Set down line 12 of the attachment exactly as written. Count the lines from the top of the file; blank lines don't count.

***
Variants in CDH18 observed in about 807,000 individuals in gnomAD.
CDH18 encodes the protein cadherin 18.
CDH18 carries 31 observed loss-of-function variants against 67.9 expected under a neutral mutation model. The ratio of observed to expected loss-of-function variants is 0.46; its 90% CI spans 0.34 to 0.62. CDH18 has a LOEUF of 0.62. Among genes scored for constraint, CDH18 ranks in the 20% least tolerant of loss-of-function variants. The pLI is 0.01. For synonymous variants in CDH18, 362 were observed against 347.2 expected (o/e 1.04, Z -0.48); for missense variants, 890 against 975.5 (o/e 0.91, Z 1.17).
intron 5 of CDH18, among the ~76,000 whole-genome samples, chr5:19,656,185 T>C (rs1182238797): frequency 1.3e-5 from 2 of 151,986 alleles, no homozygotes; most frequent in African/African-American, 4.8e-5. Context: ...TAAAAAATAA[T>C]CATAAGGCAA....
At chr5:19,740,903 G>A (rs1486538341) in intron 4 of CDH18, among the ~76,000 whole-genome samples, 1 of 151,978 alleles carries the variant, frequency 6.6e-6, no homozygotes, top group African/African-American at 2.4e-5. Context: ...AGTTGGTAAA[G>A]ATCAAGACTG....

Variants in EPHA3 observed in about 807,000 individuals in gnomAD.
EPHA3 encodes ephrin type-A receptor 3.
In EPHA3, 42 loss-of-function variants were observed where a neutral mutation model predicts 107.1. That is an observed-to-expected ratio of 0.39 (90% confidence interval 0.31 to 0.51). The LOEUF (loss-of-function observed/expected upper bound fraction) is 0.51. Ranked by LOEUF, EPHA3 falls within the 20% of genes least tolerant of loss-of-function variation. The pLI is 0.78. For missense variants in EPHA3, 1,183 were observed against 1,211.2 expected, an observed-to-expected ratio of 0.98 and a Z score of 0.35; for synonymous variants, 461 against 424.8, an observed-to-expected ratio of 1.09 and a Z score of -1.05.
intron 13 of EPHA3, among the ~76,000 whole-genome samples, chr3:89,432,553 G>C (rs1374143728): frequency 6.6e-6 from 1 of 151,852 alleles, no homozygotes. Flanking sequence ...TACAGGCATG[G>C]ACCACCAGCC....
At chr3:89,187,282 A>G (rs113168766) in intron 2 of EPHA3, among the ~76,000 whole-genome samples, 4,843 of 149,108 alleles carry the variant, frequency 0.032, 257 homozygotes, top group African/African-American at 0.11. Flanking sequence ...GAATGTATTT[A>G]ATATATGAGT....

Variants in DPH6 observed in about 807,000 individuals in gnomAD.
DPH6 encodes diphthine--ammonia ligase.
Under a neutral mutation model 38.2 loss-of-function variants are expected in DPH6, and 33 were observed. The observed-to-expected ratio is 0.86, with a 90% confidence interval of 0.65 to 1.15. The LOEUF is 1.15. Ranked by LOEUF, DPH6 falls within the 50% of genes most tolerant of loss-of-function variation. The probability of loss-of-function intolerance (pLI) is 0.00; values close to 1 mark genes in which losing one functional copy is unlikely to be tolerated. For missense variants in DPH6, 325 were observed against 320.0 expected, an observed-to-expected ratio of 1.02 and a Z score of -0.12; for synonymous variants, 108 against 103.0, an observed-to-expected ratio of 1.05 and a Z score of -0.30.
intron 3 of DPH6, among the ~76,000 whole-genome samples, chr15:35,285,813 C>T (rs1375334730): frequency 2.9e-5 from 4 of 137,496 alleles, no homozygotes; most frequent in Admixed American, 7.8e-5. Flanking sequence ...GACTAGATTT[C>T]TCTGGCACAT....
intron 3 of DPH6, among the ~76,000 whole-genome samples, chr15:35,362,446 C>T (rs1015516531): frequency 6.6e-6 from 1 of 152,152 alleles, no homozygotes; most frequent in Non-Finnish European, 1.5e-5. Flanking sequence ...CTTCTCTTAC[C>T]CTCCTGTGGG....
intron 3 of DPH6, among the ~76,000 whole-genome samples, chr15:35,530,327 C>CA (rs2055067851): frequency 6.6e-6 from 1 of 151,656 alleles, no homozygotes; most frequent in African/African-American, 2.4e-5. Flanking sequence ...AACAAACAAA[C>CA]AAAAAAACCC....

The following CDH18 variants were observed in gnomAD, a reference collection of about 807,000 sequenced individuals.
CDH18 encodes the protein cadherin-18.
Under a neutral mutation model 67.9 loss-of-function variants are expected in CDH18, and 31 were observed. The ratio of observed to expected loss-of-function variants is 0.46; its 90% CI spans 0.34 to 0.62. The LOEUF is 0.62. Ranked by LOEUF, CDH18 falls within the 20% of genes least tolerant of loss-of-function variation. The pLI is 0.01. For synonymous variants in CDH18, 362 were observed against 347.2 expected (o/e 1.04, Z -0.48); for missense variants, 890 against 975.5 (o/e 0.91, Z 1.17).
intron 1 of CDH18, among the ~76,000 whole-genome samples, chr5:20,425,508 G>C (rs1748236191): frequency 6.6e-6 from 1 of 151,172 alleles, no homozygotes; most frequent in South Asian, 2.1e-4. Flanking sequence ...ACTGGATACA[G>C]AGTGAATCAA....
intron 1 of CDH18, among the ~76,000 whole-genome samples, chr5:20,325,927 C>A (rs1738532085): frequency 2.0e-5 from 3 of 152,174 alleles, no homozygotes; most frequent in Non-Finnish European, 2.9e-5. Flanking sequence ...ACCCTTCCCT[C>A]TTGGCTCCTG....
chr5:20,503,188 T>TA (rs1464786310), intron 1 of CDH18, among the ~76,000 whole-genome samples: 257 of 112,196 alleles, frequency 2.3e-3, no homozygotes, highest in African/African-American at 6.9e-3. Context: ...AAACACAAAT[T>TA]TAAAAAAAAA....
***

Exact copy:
DPH6 encodes diphthine--ammonia ligase.